Project Specific Technology and Development
There are nearly as many applications for high-content analysis as there are projects. MAIA Scientific (www.maia-scientific.com) is developing what it calls an intuitive data-mining application for use with its high-content fluorescence and bright field imaging high-throughput screening.
Researchers at the National Changhua University of Education in Taiwan, in another example, are combining multiparametric data mining with case-based reasoning to develop a system to diagnose and develop a prognosis for chronic diseases.
Off-the-shelf solutions aren’t necessarily optimal or available for all disciplines. Consequently, some researchers are building their own. Pfizer Research Technology Center (www.pfizerrtc.com) is using high-content data mining to predict drug-induced hepatotoxicity. Scientist Arthur Smith, Ph.D., and colleagues developed a database of drugs that were marketed and safe and therapies that failed because of toxicity.
Then, using text mining, high-content biology, and primary cells, they developed a database of toxicological and pharmacokinetic content. Multivarient analysis was used to develop a decision-tree algorithm to identify toxic drugs. The result provides a highly accurate, early toxicological screen, according to Dr. Smith. Savings have been substantial enough for the program to be expanded to other areas.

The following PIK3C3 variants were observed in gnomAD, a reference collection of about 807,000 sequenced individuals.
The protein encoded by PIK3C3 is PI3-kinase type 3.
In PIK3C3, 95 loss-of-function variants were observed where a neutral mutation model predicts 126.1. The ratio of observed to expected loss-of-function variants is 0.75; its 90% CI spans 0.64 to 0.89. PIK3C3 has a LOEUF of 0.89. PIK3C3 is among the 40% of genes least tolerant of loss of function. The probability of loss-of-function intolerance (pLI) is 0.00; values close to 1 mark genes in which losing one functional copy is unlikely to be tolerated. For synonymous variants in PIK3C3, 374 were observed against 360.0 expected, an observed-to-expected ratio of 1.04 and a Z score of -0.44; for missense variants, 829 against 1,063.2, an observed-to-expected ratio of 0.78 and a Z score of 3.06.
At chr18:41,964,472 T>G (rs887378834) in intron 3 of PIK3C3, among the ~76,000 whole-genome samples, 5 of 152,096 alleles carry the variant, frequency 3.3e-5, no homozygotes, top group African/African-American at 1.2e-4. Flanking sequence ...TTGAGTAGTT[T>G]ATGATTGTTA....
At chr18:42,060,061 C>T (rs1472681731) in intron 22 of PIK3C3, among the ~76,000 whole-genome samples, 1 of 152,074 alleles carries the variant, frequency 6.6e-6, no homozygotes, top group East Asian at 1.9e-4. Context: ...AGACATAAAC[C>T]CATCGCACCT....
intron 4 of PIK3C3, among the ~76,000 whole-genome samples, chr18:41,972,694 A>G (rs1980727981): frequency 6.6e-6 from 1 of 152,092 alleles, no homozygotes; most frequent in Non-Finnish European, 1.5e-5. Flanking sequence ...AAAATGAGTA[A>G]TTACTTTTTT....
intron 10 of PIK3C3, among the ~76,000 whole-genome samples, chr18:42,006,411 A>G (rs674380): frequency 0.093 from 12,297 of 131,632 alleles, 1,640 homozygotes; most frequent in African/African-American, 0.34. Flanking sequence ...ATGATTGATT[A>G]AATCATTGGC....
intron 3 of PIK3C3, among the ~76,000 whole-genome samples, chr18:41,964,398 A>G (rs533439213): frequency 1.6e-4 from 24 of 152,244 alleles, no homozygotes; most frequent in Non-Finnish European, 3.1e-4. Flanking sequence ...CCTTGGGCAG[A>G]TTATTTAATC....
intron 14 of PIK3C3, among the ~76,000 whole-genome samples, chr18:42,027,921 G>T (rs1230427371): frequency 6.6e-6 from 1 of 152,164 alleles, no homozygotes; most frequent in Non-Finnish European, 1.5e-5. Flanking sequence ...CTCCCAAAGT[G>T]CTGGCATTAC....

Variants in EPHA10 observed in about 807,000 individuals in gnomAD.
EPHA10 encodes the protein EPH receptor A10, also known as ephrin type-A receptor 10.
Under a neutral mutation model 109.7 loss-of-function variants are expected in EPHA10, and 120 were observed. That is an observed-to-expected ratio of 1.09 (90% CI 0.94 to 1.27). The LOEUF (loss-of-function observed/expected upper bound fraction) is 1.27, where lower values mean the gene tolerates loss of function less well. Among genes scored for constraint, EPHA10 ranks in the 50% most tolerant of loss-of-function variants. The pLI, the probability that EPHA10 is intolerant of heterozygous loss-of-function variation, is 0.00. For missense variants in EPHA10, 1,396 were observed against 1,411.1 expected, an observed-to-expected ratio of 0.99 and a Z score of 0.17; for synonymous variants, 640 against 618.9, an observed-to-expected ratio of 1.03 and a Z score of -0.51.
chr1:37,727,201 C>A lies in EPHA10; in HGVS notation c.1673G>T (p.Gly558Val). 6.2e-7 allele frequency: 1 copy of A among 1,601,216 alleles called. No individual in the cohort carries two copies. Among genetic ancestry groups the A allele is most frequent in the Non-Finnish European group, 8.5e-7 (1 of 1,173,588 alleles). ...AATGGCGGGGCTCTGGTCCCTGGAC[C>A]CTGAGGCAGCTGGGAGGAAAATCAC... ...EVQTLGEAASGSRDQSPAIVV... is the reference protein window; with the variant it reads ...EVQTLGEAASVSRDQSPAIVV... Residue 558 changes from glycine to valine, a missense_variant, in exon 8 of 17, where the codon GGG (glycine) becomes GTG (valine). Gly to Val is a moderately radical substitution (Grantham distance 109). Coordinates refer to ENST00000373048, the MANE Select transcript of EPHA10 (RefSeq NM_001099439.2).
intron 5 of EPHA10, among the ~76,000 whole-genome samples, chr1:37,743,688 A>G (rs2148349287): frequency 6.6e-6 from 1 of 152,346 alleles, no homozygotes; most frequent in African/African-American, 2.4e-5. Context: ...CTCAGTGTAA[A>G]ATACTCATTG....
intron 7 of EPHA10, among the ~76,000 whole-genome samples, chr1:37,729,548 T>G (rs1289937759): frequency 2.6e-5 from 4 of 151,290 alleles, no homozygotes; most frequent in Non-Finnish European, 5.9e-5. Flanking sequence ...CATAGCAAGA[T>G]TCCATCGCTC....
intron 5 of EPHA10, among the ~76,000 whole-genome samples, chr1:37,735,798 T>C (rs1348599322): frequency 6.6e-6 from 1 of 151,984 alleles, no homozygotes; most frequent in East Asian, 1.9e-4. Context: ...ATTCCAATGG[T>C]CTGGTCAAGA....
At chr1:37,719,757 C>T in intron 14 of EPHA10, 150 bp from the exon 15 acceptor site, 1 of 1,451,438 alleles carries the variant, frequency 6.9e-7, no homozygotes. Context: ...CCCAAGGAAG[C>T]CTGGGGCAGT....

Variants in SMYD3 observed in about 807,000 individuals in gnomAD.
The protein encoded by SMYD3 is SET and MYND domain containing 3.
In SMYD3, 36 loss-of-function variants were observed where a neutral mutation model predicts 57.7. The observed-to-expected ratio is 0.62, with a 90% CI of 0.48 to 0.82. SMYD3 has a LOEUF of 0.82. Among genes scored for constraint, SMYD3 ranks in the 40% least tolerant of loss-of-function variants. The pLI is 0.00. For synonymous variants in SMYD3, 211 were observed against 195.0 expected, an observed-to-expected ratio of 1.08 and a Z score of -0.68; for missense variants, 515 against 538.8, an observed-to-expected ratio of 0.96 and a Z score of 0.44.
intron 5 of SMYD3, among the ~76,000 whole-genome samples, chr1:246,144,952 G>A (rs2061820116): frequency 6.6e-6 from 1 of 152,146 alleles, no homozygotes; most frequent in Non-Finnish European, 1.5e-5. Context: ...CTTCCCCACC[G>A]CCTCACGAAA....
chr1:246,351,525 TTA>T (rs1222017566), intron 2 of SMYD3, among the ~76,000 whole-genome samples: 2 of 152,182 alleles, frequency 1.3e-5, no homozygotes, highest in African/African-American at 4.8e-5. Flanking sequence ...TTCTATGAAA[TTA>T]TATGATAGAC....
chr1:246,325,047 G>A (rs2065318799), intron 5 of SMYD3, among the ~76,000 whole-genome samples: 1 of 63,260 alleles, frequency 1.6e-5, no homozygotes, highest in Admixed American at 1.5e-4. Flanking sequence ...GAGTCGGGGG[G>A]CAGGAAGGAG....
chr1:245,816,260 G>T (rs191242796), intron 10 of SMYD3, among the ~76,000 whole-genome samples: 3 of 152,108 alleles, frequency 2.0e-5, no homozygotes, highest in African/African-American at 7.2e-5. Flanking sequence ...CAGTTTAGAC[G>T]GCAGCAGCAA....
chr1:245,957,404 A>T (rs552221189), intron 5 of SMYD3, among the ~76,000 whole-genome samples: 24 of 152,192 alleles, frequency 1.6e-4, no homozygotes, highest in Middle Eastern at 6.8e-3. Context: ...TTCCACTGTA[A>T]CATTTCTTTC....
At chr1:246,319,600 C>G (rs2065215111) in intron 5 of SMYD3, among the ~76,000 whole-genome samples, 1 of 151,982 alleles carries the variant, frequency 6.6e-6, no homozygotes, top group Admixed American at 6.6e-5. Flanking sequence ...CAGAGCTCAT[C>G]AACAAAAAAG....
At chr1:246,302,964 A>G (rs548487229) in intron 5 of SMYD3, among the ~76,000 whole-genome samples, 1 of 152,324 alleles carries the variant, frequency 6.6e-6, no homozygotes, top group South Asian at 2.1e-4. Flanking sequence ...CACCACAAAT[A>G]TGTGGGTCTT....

Seth Harris, Ph.D., research scientist II at Roche (www.roche.com), is another case in point. He is developing a multistructure data-mining application for x-ray crystallography. Traditionally, he says, structural biology would provide one or two structures in an area. Now, it’s feasible to determine 100 or more structures of a target complexed with various small molecules.
His application is “somewhere between back of the envelope and preliminary implementation,” he reports. The focus right now is to understand what’s important in the structure. Currently, computational chemists and crystallographers get together and analyze the structure, identifying the properties that are important in a given development project. “I want the computer to further facilitate that.”
Dr. Harris’ intention is to push the conceptual framework from simple distance-based analysis so that it yields increasingly sophisticated metrics that can, for example, tabulate electrostatic metrics between the protein and the ligand. Because the significance of similar interactions varies according to the protein environment in which they occur, determining the most important parameters is difficult, he explains. Data like that “is hard to tabulate into numbers.”
The application is conceived as a guide for chemists engaged in drug design but it could also have merit as a data organizer. It is particularly advantageous for those who are new to a program or who work on multiple projects to help discover and track the most pertinent or novel structures.